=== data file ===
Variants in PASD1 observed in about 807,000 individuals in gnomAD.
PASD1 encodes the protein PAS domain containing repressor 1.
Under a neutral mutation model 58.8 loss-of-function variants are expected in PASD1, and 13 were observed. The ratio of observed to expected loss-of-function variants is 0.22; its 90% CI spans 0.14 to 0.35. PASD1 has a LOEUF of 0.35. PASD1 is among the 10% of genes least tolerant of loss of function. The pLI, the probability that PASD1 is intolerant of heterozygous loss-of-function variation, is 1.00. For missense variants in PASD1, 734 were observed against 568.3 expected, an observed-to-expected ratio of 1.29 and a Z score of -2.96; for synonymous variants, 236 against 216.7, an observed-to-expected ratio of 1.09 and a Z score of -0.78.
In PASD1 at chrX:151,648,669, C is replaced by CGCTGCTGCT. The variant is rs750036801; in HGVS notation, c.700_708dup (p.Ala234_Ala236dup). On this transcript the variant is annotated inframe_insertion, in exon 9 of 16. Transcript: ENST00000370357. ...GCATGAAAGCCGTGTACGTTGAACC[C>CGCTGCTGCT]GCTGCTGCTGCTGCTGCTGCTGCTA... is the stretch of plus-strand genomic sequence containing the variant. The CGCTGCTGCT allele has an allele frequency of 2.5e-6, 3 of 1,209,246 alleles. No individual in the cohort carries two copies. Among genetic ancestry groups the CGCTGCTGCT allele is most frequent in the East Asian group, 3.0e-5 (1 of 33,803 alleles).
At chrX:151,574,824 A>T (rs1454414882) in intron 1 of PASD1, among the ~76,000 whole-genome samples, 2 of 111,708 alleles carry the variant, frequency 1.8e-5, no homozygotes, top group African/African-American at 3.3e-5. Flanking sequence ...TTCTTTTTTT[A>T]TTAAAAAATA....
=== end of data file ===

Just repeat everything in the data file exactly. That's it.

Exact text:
Variants in PASD1 observed in about 807,000 individuals in gnomAD.
PASD1 encodes the protein PAS domain containing repressor 1.
Under a neutral mutation model 58.8 loss-of-function variants are expected in PASD1, and 13 were observed. The ratio of observed to expected loss-of-function variants is 0.22; its 90% CI spans 0.14 to 0.35. PASD1 has a LOEUF of 0.35. PASD1 is among the 10% of genes least tolerant of loss of function. The pLI, the probability that PASD1 is intolerant of heterozygous loss-of-function variation, is 1.00. For missense variants in PASD1, 734 were observed against 568.3 expected, an observed-to-expected ratio of 1.29 and a Z score of -2.96; for synonymous variants, 236 against 216.7, an observed-to-expected ratio of 1.09 and a Z score of -0.78.
In PASD1 at chrX:151,648,669, C is replaced by CGCTGCTGCT. The variant is rs750036801; in HGVS notation, c.700_708dup (p.Ala234_Ala236dup). On this transcript the variant is annotated inframe_insertion, in exon 9 of 16. Transcript: ENST00000370357. ...GCATGAAAGCCGTGTACGTTGAACC[C>CGCTGCTGCT]GCTGCTGCTGCTGCTGCTGCTGCTA... is the stretch of plus-strand genomic sequence containing the variant. The CGCTGCTGCT allele has an allele frequency of 2.5e-6, 3 of 1,209,246 alleles. No individual in the cohort carries two copies. Among genetic ancestry groups the CGCTGCTGCT allele is most frequent in the East Asian group, 3.0e-5 (1 of 33,803 alleles).
At chrX:151,574,824 A>T (rs1454414882) in intron 1 of PASD1, among the ~76,000 whole-genome samples, 2 of 111,708 alleles carry the variant, frequency 1.8e-5, no homozygotes, top group African/African-American at 3.3e-5. Flanking sequence ...TTCTTTTTTT[A>T]TTAAAAAATA....